This concern isn’t baseless as having a friend at work increases engagement and performance. When you’re in the office, it’s easy to walk over to your coworker’s desk and make conversation, but in a virtual environment, making connections requires effort.
Even the office has its limitations. Sure, social hours capture a few coworkers as they’re heading out of the door. But what about the coworkers with after-hours obligations like picking their kids up from school or grocery shopping for their elderly mom?
Virtual events allow everyone to be involved, regardless of where they’re located in the world or what obligation they may have.
Some virtual activities we recommend:
- Play a round of two truths and a lie. It’s fun having your team guess what’s true and what’s not.
- Have your team take a personality quiz like the enneagram or the ancient Grecian “Four Temperaments.” Then, at your next meeting, compare results and chat about them.
- Start a #watercooler channel on Slack. Like a real watercooler, teammates can discuss anything from memes to the new Spiderman movie. This is an opportunity for teammates to bond on their interests regardless of time zone.
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Employees don’t want to prove themselves.
When adults show up to do work they could quickly complete in a more convenient place, the office feels like a check-in point rather than a productivity space. You don’t just want your employees present. You want them engaged and churning out quality work.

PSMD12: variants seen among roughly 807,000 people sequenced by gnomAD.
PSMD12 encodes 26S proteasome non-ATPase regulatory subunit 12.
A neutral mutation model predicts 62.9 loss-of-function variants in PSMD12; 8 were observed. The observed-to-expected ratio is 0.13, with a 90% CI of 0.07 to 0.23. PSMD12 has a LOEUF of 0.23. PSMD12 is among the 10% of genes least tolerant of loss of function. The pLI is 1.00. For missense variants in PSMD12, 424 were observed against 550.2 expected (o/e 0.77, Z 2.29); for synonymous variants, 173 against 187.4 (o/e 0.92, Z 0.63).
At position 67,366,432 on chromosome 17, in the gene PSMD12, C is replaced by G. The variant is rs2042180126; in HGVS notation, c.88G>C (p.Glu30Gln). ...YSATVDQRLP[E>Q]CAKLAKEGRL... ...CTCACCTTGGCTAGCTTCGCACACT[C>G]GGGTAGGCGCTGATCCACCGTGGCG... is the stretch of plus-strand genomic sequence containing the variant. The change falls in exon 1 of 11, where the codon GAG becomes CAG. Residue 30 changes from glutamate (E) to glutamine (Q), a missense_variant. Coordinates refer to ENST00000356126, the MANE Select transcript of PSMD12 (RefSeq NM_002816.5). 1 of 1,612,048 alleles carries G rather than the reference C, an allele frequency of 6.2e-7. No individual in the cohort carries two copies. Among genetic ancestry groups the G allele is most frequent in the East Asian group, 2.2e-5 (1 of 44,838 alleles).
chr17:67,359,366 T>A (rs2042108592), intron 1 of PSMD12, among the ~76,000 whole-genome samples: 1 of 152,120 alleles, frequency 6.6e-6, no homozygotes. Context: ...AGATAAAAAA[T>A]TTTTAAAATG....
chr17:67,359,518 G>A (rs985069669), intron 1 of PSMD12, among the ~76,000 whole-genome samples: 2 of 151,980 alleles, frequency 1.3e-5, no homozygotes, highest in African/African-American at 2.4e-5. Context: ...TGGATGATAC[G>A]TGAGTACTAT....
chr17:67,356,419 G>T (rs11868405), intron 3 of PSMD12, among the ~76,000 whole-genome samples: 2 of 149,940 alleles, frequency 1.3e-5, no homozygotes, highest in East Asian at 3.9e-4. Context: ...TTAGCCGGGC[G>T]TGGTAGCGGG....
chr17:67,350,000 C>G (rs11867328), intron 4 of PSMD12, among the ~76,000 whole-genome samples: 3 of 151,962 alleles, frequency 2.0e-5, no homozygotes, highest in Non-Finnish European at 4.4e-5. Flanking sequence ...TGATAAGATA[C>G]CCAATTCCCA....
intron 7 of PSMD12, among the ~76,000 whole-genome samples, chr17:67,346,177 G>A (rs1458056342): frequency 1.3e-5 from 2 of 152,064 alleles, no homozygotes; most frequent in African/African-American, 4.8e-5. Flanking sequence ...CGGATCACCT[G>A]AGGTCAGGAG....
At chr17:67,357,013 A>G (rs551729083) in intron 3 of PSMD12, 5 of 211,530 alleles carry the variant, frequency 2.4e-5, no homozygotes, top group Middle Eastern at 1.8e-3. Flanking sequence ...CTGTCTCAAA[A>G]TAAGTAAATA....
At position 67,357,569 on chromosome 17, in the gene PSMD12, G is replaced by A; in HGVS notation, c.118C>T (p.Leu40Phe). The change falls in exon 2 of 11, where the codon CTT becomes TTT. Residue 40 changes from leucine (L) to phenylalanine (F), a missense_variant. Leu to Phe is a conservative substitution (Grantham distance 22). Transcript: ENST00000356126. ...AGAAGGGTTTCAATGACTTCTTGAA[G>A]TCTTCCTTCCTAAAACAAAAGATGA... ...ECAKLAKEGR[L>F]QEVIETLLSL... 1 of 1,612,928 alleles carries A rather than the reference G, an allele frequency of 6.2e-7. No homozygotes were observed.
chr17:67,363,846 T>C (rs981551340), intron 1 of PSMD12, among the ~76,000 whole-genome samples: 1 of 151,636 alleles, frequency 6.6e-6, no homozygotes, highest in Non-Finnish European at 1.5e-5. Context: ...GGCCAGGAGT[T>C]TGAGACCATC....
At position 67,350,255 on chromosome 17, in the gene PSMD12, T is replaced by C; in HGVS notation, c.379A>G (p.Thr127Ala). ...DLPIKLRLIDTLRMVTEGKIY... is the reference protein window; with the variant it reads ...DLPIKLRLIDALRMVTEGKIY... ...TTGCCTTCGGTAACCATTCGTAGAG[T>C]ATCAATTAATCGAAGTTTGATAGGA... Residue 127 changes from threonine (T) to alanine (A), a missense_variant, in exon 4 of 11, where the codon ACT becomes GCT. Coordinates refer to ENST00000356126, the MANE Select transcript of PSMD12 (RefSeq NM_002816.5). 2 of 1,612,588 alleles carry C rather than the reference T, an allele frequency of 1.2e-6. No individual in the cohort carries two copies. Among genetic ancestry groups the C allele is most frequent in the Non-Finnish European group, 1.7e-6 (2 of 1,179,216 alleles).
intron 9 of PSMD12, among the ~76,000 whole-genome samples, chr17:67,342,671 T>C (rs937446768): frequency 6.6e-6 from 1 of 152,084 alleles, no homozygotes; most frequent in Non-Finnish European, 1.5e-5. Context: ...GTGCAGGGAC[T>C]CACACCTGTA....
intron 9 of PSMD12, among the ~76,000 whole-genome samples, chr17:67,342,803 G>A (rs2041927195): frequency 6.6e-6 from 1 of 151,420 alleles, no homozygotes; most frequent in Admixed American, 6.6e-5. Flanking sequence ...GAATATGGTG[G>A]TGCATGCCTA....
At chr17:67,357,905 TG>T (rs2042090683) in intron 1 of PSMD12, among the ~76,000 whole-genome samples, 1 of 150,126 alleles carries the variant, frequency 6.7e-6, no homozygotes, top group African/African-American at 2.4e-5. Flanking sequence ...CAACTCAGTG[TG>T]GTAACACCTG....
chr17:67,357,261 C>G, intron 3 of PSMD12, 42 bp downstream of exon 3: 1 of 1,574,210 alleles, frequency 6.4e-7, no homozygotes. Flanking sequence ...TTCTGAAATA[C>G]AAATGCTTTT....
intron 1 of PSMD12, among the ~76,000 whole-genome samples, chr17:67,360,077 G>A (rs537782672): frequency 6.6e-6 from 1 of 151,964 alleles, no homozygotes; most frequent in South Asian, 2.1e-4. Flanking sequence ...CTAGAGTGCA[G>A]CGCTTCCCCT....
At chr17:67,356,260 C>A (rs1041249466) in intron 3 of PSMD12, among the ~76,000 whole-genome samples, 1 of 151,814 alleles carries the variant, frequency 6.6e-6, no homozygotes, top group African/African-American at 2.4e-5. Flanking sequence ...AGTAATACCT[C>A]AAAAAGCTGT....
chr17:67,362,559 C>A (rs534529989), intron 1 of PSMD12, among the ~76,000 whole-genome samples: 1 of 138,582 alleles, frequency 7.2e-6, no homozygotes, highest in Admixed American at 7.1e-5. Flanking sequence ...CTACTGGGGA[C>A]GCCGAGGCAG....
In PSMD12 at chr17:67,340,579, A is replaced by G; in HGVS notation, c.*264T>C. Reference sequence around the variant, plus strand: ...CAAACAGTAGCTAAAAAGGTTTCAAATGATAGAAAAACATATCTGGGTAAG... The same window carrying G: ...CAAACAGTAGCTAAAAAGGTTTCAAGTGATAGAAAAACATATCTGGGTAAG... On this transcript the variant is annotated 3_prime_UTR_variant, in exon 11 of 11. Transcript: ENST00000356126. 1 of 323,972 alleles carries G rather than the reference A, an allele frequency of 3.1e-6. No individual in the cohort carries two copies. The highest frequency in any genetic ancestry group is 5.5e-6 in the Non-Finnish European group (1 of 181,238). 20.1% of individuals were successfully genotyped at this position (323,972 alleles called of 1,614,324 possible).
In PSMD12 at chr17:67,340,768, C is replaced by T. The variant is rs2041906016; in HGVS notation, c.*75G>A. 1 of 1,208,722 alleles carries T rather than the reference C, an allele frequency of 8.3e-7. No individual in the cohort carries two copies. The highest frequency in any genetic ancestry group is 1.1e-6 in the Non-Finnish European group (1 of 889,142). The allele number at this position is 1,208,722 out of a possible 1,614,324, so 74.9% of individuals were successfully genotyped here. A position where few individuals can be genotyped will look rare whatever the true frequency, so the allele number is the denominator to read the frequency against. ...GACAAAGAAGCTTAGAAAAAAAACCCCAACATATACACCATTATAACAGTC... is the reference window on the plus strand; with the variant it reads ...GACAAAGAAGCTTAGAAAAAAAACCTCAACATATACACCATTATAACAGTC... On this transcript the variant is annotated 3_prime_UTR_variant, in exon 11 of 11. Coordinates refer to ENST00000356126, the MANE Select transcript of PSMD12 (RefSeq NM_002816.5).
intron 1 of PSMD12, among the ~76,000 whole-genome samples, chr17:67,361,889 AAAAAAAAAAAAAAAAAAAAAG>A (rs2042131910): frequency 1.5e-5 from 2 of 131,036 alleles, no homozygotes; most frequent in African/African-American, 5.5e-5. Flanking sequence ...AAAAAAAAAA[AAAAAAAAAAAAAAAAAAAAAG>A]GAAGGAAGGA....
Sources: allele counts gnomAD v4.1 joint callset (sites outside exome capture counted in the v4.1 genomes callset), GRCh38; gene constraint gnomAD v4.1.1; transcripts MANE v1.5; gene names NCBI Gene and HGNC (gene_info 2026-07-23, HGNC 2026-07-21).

By eliminating the need to show up in person, you demonstrate that results matter more than simply appearing to do your job. And you don’t want the plague of presenteeism to make the office counterproductive. Employees may feel the need to make it to work when they are fighting off a cold or exhausted just to avoid taking paid time off. Who does that help? Absenteeism may seem like a productivity killer, but an employee present and not working is potentially more dangerous because you’ll assume work is getting done while crucial tasks get missed.
And what’s the benefit of having employees in the office when it’s easy to communicate outside the office? As Nick Hardiman noted in TechRepublic, the rise of practical communication tools has made us better connected than ever and the office less relevant. “The prevalence of smartphones and social media means you don’t have to be next to someone to communicate effectively,” Hardiman writes. “And new business trends like remote administration, cloud-based project management, video conferencing, and BYOD are extending the effectiveness of remote work.”
The need to be accounted for in-person is also unnecessary in daily standups. While standups can help keep your team on track, requiring the need to set aside time for a meeting—whether online or in-person—is unnecessary as a daily habit. Rather than the daily standup, lean on valuable tools for better communication like Google Hangouts, Slack, and Jell to keep everyone on the team in sync while eliminating overkill on updating colleagues. That leaves more time for getting things done.
Key takeaway: Employees show you they’re working by producing results. Deploy practical tools rather than regular meetings and in-person proof of work.